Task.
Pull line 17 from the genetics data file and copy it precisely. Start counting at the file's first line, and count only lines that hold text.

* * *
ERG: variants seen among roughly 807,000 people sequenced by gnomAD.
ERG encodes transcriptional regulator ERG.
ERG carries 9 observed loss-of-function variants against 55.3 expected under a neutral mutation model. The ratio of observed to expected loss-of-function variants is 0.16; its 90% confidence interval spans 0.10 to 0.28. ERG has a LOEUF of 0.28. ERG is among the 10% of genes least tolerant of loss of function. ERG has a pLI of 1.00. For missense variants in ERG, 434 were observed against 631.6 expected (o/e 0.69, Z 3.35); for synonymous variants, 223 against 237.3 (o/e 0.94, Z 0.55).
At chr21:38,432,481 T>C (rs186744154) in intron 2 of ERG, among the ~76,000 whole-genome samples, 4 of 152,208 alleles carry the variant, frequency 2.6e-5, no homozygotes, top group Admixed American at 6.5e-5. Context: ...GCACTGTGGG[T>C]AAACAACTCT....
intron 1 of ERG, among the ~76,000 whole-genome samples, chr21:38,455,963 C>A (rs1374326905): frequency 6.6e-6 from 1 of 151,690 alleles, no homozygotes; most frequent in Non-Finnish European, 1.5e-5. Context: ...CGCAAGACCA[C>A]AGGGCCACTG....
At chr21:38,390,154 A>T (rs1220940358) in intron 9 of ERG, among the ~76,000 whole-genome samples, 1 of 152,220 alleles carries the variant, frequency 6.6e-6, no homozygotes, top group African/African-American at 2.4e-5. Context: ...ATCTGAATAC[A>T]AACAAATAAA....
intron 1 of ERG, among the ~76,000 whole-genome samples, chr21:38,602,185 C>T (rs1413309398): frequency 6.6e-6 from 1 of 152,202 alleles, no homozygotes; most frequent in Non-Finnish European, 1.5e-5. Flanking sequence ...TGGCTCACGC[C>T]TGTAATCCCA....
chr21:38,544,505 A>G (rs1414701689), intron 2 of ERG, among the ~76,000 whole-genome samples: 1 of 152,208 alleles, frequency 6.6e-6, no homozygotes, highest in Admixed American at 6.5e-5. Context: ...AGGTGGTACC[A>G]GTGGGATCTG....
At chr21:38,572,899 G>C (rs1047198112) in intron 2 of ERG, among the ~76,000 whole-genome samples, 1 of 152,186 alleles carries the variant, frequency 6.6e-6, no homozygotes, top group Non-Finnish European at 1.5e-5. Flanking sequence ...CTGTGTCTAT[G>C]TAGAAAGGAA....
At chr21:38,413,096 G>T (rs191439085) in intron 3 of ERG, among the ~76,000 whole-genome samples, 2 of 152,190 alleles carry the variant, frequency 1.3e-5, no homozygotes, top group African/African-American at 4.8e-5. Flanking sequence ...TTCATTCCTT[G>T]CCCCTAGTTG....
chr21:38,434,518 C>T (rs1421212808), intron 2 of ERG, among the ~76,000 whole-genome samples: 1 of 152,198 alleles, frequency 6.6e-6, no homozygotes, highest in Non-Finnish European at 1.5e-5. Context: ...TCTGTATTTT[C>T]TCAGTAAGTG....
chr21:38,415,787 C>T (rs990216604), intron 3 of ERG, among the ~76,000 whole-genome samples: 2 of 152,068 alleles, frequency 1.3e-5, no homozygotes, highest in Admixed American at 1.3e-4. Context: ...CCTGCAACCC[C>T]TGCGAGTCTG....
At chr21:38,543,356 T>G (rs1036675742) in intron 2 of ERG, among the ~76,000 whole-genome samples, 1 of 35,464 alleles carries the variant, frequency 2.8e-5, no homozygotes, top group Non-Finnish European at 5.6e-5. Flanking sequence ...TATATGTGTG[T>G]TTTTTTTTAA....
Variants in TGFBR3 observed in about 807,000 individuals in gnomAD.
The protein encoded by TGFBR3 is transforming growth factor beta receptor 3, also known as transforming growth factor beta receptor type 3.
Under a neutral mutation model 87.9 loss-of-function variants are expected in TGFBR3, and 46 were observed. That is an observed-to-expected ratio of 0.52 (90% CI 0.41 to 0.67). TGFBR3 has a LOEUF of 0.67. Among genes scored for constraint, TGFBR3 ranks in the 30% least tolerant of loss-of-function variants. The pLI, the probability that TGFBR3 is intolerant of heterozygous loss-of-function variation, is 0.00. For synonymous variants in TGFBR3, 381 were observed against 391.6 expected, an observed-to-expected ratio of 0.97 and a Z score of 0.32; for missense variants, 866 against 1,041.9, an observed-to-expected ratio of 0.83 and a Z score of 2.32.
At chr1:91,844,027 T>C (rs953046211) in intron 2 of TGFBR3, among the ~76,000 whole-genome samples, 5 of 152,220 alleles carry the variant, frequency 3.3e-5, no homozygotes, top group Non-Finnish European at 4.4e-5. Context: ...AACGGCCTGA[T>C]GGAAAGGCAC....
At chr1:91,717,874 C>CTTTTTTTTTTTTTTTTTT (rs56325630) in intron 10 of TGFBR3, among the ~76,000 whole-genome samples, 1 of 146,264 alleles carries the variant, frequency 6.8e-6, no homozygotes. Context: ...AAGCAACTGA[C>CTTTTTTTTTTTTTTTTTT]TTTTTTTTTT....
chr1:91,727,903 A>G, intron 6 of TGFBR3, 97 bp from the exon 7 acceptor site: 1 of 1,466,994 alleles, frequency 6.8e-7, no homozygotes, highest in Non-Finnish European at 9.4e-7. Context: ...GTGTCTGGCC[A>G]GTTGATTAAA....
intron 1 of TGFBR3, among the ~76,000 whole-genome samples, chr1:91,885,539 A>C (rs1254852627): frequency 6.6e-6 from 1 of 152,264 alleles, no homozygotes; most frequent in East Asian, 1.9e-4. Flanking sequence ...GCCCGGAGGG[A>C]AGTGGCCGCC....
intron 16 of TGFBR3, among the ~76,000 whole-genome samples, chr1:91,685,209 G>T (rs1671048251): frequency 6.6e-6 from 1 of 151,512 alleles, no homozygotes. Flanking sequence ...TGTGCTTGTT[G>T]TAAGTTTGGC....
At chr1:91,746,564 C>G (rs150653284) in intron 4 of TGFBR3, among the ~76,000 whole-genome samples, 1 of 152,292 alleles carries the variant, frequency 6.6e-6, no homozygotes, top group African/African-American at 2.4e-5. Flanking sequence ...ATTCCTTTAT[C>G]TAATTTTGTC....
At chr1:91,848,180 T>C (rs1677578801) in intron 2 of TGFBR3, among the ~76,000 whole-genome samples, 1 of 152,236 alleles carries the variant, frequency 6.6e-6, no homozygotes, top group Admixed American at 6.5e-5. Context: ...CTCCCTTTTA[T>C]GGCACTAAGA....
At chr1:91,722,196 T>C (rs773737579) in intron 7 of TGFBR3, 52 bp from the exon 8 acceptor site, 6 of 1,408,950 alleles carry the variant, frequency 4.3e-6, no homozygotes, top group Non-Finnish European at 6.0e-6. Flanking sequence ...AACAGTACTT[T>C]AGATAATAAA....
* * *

At chr1:91,844,027 T>C (rs953046211) in intron 2 of TGFBR3, among the ~76,000 whole-genome samples, 5 of 152,220 alleles carry the variant, frequency 3.3e-5, no homozygotes, top group Non-Finnish European at 4.4e-5. Context: ...AACGGCCTGA[T>C]GGAAAGGCAC....